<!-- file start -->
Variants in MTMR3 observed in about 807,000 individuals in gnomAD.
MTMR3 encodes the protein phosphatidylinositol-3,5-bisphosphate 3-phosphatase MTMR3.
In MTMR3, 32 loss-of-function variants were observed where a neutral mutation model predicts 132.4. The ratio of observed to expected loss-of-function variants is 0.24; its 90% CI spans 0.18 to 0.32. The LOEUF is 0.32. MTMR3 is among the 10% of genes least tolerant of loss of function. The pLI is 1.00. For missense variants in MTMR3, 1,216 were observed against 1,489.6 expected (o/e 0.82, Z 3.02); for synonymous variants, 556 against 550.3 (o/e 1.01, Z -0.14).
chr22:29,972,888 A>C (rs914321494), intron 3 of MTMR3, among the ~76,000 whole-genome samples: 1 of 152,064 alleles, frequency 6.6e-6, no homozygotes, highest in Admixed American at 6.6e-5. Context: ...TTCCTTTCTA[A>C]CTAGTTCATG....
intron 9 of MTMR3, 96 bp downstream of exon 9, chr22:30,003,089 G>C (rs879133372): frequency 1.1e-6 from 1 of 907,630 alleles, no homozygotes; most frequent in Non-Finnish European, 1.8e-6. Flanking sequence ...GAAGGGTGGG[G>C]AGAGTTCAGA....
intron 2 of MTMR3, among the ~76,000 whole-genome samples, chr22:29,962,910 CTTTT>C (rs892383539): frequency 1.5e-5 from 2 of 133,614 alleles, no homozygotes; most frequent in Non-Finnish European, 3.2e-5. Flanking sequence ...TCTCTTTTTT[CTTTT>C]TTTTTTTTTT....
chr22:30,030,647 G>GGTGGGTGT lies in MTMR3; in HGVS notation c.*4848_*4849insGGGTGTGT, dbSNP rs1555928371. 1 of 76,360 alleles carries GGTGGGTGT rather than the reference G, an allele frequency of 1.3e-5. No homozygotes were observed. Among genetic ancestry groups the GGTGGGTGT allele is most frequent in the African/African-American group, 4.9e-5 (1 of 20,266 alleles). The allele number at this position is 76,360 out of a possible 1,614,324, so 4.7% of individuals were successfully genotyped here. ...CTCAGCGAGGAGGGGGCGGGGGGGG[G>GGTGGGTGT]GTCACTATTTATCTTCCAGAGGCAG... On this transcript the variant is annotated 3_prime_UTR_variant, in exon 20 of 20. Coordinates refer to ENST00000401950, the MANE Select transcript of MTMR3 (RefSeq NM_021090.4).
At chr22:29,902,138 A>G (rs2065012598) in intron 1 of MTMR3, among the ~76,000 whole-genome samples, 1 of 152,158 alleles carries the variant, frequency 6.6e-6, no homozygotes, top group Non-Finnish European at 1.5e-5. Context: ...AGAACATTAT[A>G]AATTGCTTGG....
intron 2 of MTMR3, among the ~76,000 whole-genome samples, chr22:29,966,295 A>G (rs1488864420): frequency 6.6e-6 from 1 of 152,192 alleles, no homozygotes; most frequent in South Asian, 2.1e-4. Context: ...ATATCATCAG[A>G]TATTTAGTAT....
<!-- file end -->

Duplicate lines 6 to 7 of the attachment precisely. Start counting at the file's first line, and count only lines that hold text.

intron 2 of MTMR3, among the ~76,000 whole-genome samples, chr22:29,962,910 CTTTT>C (rs892383539): frequency 1.5e-5 from 2 of 133,614 alleles, no homozygotes; most frequent in Non-Finnish European, 3.2e-5. Flanking sequence ...TCTCTTTTTT[CTTTT>C]TTTTTTTTTT....
chr22:30,030,647 G>GGTGGGTGT lies in MTMR3; in HGVS notation c.*4848_*4849insGGGTGTGT, dbSNP rs1555928371. 1 of 76,360 alleles carries GGTGGGTGT rather than the reference G, an allele frequency of 1.3e-5. No homozygotes were observed. Among genetic ancestry groups the GGTGGGTGT allele is most frequent in the African/African-American group, 4.9e-5 (1 of 20,266 alleles). The allele number at this position is 76,360 out of a possible 1,614,324, so 4.7% of individuals were successfully genotyped here. ...CTCAGCGAGGAGGGGGCGGGGGGGG[G>GGTGGGTGT]GTCACTATTTATCTTCCAGAGGCAG... On this transcript the variant is annotated 3_prime_UTR_variant, in exon 20 of 20. Coordinates refer to ENST00000401950, the MANE Select transcript of MTMR3 (RefSeq NM_021090.4).